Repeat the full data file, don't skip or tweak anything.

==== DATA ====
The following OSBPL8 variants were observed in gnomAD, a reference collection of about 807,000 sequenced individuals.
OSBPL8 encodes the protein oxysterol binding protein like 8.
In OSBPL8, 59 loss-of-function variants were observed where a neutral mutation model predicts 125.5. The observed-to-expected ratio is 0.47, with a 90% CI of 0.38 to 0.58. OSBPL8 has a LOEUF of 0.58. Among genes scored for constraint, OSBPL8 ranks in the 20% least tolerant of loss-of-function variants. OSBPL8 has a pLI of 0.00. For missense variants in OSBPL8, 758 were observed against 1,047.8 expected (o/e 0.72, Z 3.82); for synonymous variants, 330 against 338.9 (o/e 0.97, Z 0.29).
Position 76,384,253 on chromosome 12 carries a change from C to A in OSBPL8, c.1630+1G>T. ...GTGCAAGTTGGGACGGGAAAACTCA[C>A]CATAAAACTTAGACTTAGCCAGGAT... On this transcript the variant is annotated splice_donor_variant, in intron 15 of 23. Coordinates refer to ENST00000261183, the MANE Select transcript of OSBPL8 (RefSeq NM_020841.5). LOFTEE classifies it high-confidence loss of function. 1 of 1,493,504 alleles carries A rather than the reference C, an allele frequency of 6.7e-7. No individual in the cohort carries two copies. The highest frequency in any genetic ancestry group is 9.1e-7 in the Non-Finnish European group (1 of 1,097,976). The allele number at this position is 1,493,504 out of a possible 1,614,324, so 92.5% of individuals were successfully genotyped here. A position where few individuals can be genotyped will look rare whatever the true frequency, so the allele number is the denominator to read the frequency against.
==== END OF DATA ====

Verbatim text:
The following OSBPL8 variants were observed in gnomAD, a reference collection of about 807,000 sequenced individuals.
OSBPL8 encodes the protein oxysterol binding protein like 8.
In OSBPL8, 59 loss-of-function variants were observed where a neutral mutation model predicts 125.5. The observed-to-expected ratio is 0.47, with a 90% CI of 0.38 to 0.58. OSBPL8 has a LOEUF of 0.58. Among genes scored for constraint, OSBPL8 ranks in the 20% least tolerant of loss-of-function variants. OSBPL8 has a pLI of 0.00. For missense variants in OSBPL8, 758 were observed against 1,047.8 expected (o/e 0.72, Z 3.82); for synonymous variants, 330 against 338.9 (o/e 0.97, Z 0.29).
Position 76,384,253 on chromosome 12 carries a change from C to A in OSBPL8, c.1630+1G>T. ...GTGCAAGTTGGGACGGGAAAACTCA[C>A]CATAAAACTTAGACTTAGCCAGGAT... On this transcript the variant is annotated splice_donor_variant, in intron 15 of 23. Coordinates refer to ENST00000261183, the MANE Select transcript of OSBPL8 (RefSeq NM_020841.5). LOFTEE classifies it high-confidence loss of function. 1 of 1,493,504 alleles carries A rather than the reference C, an allele frequency of 6.7e-7. No individual in the cohort carries two copies. The highest frequency in any genetic ancestry group is 9.1e-7 in the Non-Finnish European group (1 of 1,097,976). The allele number at this position is 1,493,504 out of a possible 1,614,324, so 92.5% of individuals were successfully genotyped here. A position where few individuals can be genotyped will look rare whatever the true frequency, so the allele number is the denominator to read the frequency against.